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maandag 29 januari 2018

Nature Immunology Contents: February 2018 Volume 19 Issue 2

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Nature Immunology

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TABLE OF CONTENTS

February 2018 Volume 19, Issue 2

Research Highlights
News & Views
Review Articles
Articles
 
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Research Highlights

 

Adipose tissue TM cells    p99
Ioana Visan
doi:10.1038/s41590-017-0036-4

Myocardial infarct inflammation    p99
Ioana Visan
doi:10.1038/s41590-017-0037-3

Stress-induced depression    p99
Laurie A. Dempsey
doi:10.1038/s41590-017-0038-2

NKT cells aid antiviral responses    p99
Laurie A. Dempsey
doi:10.1038/s41590-017-0039-1

Macrophages: damage control    p99
Zoltan Fehervari
doi:10.1038/s41590-017-0040-8

Antibiotics–immune system interactions    p99
Zoltan Fehervari
doi:10.1038/s41590-017-0041-7

News & Views

 

mTECs Aire on the side of caution    pp100 - 101
Alexandra Bortnick & Cornelis Murre
doi:10.1038/s41590-017-0033-7

Trials and Tribble-ations of tissue TRM cells    pp102 - 103
Jun Siong Low & Susan M. Kaech
doi:10.1038/s41590-017-0031-9

Stressed-out ROS take a silent death route    pp103 - 105
Sannula Kesavardhana & Thirumala-Devi Kanneganti
doi:10.1038/s41590-017-0034-6

ERAdP standing in the shadow of STING innate immune signaling    pp105 - 107
Martin Roelsgaard Jakobsen
doi:10.1038/s41590-017-0026-6

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Review Articles

 

Myeloid-derived suppressor cells coming of age    pp108 - 119
Filippo Veglia, Michela Perego & Dmitry Gabrilovich
doi:10.1038/s41590-017-0022-x

Gabrilovich and colleagues review the origin and nature of myeloid-derived suppressor cells, as well as their distinctive features and biological roles in cancer, infectious diseases, autoimmunity, obesity and pregnancy.

 

RNA-binding proteins control gene expression and cell fate in the immune system    pp120 - 129
Martin Turner & Manuel D. Díaz-Muñoz
doi:10.1038/s41590-017-0028-4

Turner and Díaz-Muñoz discuss the molecular mechanisms by which RNA-binding proteins modulate the diversity of the transcriptome and proteome in immune cells.

 

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Articles

 

Oxeiptosis, a ROS-induced caspase-independent apoptosis-like cell-death pathway    pp130 - 140
Cathleen Holze, Chloé Michaudel, Claire Mackowiak, Darya A. Haas, Christian Benda et al.
doi:10.1038/s41590-017-0013-y

Reactive oxygen species (ROS) are generated by cells during viral infection. Pichlmair and colleagues demonstrate a ROS-dependent form of cell death, ‘oxeiptosis’, that resembles apoptosis but uses a pathway distinct from all previously described death pathways.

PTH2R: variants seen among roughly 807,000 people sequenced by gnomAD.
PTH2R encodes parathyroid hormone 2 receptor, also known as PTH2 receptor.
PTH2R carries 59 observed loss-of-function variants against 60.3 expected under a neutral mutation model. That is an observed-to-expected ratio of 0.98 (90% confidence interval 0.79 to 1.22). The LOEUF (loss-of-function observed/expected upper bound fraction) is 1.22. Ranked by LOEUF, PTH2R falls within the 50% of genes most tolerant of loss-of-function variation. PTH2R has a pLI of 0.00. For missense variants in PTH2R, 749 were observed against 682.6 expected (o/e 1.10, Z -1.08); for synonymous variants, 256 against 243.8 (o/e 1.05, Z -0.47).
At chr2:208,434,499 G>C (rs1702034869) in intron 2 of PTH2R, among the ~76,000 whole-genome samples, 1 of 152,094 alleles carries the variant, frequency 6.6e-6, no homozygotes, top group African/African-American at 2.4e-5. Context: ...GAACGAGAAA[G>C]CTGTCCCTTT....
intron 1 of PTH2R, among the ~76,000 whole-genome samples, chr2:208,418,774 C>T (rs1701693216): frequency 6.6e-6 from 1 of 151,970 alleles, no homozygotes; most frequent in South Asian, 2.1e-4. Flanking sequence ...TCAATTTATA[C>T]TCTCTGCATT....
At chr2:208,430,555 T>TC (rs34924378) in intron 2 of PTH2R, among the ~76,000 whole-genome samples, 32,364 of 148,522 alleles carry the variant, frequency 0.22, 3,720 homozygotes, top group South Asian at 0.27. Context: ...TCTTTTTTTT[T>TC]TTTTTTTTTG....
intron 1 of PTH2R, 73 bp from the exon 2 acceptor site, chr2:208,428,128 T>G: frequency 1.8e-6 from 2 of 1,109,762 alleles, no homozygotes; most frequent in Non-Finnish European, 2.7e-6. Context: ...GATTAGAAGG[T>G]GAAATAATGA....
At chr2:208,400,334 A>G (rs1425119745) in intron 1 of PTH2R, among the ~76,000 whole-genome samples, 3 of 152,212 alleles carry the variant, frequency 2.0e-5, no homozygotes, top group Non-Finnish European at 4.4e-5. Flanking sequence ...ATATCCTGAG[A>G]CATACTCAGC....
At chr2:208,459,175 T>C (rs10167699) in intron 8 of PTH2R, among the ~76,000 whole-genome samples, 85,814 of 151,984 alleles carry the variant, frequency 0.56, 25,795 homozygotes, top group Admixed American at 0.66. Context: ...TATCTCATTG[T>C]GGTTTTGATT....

The ER membrane adaptor ERAdP senses the bacterial second messenger c-di-AMP and initiates anti-bacterial immunity    pp141 - 150
Pengyan Xia, Shuo Wang, Zhen Xiong, Xiaoxiao Zhu, Buqing Ye et al.
doi:10.1038/s41590-017-0014-x

The bacterial secondary messenger c-di-AMP can be sensed by cytosolic receptors to activate innate immunity. Fan and colleagues show the ER-associated protein ERAdP to be a high-affinity receptor for c-di-AMP, linking it to downstream inflammatory responses.

 

Astrocytes decrease adult neurogenesis during virus-induced memory dysfunction via IL-1    pp151 - 161
Charise Garber, Michael J. Vasek, Lauren L. Vollmer, Tony Sun, Xiaoping Jiang et al.
doi:10.1038/s41590-017-0021-y

Klein and colleagues show, in a mouse model of West Nile virus–induced cognitive dysfunction, that neurogenesis is impaired by production of IL-1 from pro-inflammatory astrocytes.

 

Rapid chromatin repression by Aire provides precise control of immune tolerance    pp162 - 172
Andrew S. Koh, Erik L. Miller, Jason D. Buenrostro, David M. Moskowitz, Jing Wang et al.
doi:10.1038/s41590-017-0032-8

Crabtree and colleagues show that Aire has an intrinsic repressive function that restricts chromatin accessibility and restrains the amplitude of active transcription.

 

Intravital mucosal imaging of CD8+ resident memory T cells shows tissue-autonomous recall responses that amplify secondary memory    pp173 - 182
Lalit K. Beura, Jason S. Mitchell, Emily A. Thompson, Jason M. Schenkel, Javed Mohammed et al.
doi:10.1038/s41590-017-0029-3

Masopust and colleagues show that mucosal tissue-resident memory T cells proliferate in situ in response to local antigen and dominate the local recall response.

 

Local proliferation maintains a stable pool of tissue-resident memory T cells after antiviral recall responses    pp183 - 191
Simone L. Park, Ali Zaid, Jyh Liang Hor, Susan N. Christo, Julia E. Prier et al.
doi:10.1038/s41590-017-0027-5

Mackay, Mueller and colleagues show that tissue-resident memory T cells proliferate in situ in response to local antigen and persist during subsequent antigen encounters.

 

Aged polymorphonuclear leukocytes cause fibrotic interstitial lung disease in the absence of regulation by B cells    pp192 - 201
Jung Hwan Kim, John Podstawka, Yuefei Lou, Lu Li, Esther K. S. Lee et al.
doi:10.1038/s41590-017-0030-x

Yipp and colleagues report that depletion of B cells leads to the accumulation of aged polymorphonuclear cells in the lungs, which causes fibrotic interstitial lung disease.

 

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